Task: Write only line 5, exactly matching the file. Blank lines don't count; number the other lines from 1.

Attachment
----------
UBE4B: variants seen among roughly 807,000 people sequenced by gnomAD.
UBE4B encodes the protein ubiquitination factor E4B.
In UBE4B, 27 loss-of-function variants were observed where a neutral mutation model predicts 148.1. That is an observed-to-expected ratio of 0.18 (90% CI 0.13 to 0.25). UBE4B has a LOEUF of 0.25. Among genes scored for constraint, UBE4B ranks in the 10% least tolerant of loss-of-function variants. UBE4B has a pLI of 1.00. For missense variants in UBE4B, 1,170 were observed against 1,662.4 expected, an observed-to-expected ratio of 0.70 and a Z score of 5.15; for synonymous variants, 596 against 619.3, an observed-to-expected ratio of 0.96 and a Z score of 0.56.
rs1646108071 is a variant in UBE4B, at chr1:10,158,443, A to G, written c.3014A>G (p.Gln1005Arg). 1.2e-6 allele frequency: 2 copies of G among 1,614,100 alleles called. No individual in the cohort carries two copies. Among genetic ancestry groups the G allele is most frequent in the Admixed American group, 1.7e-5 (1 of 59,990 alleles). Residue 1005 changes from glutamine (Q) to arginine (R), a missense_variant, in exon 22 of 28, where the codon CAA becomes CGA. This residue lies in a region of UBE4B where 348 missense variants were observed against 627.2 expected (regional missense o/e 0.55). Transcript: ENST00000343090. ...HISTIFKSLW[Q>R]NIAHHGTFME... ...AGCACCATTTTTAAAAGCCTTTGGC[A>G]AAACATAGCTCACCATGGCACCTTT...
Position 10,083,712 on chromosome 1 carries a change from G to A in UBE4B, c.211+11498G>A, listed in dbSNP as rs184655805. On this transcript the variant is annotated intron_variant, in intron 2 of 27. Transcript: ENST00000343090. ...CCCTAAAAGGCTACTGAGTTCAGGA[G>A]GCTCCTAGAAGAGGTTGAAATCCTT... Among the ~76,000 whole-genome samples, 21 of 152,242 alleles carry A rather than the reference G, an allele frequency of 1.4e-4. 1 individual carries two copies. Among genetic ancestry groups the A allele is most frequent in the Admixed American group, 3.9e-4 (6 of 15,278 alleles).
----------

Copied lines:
Position 10,083,712 on chromosome 1 carries a change from G to A in UBE4B, c.211+11498G>A, listed in dbSNP as rs184655805. On this transcript the variant is annotated intron_variant, in intron 2 of 27. Transcript: ENST00000343090. ...CCCTAAAAGGCTACTGAGTTCAGGA[G>A]GCTCCTAGAAGAGGTTGAAATCCTT... Among the ~76,000 whole-genome samples, 21 of 152,242 alleles carry A rather than the reference G, an allele frequency of 1.4e-4. 1 individual carries two copies. Among genetic ancestry groups the A allele is most frequent in the Admixed American group, 3.9e-4 (6 of 15,278 alleles).